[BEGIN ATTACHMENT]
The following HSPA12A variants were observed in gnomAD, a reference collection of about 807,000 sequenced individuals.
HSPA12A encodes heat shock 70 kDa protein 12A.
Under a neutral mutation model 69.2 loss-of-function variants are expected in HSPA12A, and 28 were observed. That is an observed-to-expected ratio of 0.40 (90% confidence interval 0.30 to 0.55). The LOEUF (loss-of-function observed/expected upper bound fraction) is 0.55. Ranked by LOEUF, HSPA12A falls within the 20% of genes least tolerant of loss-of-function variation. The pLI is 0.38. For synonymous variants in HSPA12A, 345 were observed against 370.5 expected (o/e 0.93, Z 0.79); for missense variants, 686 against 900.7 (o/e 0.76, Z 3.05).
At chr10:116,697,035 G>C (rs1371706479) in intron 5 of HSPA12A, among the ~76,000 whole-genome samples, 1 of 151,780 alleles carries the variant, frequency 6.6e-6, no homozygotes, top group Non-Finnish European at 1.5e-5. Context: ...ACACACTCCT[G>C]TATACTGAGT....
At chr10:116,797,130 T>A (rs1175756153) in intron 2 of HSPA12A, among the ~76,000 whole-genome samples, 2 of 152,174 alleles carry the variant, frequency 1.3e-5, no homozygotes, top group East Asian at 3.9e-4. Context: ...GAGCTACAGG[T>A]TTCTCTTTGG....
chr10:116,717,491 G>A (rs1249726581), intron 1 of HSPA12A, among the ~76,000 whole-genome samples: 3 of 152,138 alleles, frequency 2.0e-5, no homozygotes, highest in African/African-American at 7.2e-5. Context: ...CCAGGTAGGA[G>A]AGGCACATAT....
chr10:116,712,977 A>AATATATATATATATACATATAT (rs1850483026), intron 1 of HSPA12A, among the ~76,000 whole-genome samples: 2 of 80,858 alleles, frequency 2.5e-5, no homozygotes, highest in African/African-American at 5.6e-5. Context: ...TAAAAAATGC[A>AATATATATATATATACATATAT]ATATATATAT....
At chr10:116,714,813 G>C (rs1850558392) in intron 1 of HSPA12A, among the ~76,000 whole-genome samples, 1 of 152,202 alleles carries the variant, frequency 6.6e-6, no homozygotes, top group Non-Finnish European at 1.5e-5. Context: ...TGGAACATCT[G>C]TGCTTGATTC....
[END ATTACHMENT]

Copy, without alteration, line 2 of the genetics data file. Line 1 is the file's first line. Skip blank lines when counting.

HSPA12A encodes heat shock 70 kDa protein 12A.